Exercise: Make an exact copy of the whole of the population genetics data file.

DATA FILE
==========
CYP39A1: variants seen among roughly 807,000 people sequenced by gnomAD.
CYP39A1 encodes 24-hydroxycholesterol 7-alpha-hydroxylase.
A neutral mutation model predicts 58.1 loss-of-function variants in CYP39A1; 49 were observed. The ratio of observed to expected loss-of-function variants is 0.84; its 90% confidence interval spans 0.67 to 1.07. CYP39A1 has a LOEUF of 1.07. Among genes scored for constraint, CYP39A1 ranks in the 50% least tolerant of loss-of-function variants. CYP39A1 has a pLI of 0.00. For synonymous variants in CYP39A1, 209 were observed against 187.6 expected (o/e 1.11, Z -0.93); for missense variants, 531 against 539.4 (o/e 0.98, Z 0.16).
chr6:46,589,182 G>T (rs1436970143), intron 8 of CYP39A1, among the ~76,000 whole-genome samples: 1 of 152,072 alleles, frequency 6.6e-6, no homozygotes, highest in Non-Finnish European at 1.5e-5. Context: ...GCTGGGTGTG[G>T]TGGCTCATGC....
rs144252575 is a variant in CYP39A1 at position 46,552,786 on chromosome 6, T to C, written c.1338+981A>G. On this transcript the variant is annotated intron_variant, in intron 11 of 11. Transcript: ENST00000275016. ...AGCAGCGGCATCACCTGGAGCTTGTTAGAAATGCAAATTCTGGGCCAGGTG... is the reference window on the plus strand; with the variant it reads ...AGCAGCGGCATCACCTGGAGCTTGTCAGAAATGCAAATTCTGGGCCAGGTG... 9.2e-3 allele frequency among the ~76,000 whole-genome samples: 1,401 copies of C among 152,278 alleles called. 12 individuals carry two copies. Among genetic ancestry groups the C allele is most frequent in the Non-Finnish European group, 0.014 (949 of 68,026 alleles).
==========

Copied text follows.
CYP39A1: variants seen among roughly 807,000 people sequenced by gnomAD.
CYP39A1 encodes 24-hydroxycholesterol 7-alpha-hydroxylase.
A neutral mutation model predicts 58.1 loss-of-function variants in CYP39A1; 49 were observed. The ratio of observed to expected loss-of-function variants is 0.84; its 90% confidence interval spans 0.67 to 1.07. CYP39A1 has a LOEUF of 1.07. Among genes scored for constraint, CYP39A1 ranks in the 50% least tolerant of loss-of-function variants. CYP39A1 has a pLI of 0.00. For synonymous variants in CYP39A1, 209 were observed against 187.6 expected (o/e 1.11, Z -0.93); for missense variants, 531 against 539.4 (o/e 0.98, Z 0.16).
chr6:46,589,182 G>T (rs1436970143), intron 8 of CYP39A1, among the ~76,000 whole-genome samples: 1 of 152,072 alleles, frequency 6.6e-6, no homozygotes, highest in Non-Finnish European at 1.5e-5. Context: ...GCTGGGTGTG[G>T]TGGCTCATGC....
rs144252575 is a variant in CYP39A1 at position 46,552,786 on chromosome 6, T to C, written c.1338+981A>G. On this transcript the variant is annotated intron_variant, in intron 11 of 11. Transcript: ENST00000275016. ...AGCAGCGGCATCACCTGGAGCTTGTTAGAAATGCAAATTCTGGGCCAGGTG... is the reference window on the plus strand; with the variant it reads ...AGCAGCGGCATCACCTGGAGCTTGTCAGAAATGCAAATTCTGGGCCAGGTG... 9.2e-3 allele frequency among the ~76,000 whole-genome samples: 1,401 copies of C among 152,278 alleles called. 12 individuals carry two copies. Among genetic ancestry groups the C allele is most frequent in the Non-Finnish European group, 0.014 (949 of 68,026 alleles).